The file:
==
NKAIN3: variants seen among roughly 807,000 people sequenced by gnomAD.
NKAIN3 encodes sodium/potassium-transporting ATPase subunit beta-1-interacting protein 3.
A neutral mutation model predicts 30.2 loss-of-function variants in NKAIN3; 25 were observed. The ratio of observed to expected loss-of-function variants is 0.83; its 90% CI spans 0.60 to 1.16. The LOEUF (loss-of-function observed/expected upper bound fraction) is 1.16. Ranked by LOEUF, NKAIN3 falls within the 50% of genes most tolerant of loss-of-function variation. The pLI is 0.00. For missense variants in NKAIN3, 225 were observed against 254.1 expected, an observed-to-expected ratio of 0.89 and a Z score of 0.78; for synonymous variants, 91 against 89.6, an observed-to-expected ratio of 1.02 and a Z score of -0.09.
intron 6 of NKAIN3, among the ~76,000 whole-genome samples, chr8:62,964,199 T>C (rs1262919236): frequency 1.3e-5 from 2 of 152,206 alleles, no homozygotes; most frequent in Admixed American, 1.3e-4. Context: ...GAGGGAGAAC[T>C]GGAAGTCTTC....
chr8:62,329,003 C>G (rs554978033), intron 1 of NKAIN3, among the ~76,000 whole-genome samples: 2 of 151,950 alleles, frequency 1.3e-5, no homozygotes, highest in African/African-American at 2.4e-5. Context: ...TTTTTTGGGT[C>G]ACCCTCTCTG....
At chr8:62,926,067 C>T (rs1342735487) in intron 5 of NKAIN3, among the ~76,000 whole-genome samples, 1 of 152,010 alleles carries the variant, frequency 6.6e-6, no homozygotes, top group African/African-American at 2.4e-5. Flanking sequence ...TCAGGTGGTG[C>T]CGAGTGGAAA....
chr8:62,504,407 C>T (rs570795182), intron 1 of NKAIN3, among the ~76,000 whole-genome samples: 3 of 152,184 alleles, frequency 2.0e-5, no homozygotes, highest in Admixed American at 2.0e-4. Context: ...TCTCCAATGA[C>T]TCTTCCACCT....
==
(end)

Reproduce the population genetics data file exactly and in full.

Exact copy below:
NKAIN3: variants seen among roughly 807,000 people sequenced by gnomAD.
NKAIN3 encodes sodium/potassium-transporting ATPase subunit beta-1-interacting protein 3.
A neutral mutation model predicts 30.2 loss-of-function variants in NKAIN3; 25 were observed. The ratio of observed to expected loss-of-function variants is 0.83; its 90% CI spans 0.60 to 1.16. The LOEUF (loss-of-function observed/expected upper bound fraction) is 1.16. Ranked by LOEUF, NKAIN3 falls within the 50% of genes most tolerant of loss-of-function variation. The pLI is 0.00. For missense variants in NKAIN3, 225 were observed against 254.1 expected, an observed-to-expected ratio of 0.89 and a Z score of 0.78; for synonymous variants, 91 against 89.6, an observed-to-expected ratio of 1.02 and a Z score of -0.09.
intron 6 of NKAIN3, among the ~76,000 whole-genome samples, chr8:62,964,199 T>C (rs1262919236): frequency 1.3e-5 from 2 of 152,206 alleles, no homozygotes; most frequent in Admixed American, 1.3e-4. Context: ...GAGGGAGAAC[T>C]GGAAGTCTTC....
chr8:62,329,003 C>G (rs554978033), intron 1 of NKAIN3, among the ~76,000 whole-genome samples: 2 of 151,950 alleles, frequency 1.3e-5, no homozygotes, highest in African/African-American at 2.4e-5. Context: ...TTTTTTGGGT[C>G]ACCCTCTCTG....
At chr8:62,926,067 C>T (rs1342735487) in intron 5 of NKAIN3, among the ~76,000 whole-genome samples, 1 of 152,010 alleles carries the variant, frequency 6.6e-6, no homozygotes, top group African/African-American at 2.4e-5. Flanking sequence ...TCAGGTGGTG[C>T]CGAGTGGAAA....
chr8:62,504,407 C>T (rs570795182), intron 1 of NKAIN3, among the ~76,000 whole-genome samples: 3 of 152,184 alleles, frequency 2.0e-5, no homozygotes, highest in Admixed American at 2.0e-4. Context: ...TCTCCAATGA[C>T]TCTTCCACCT....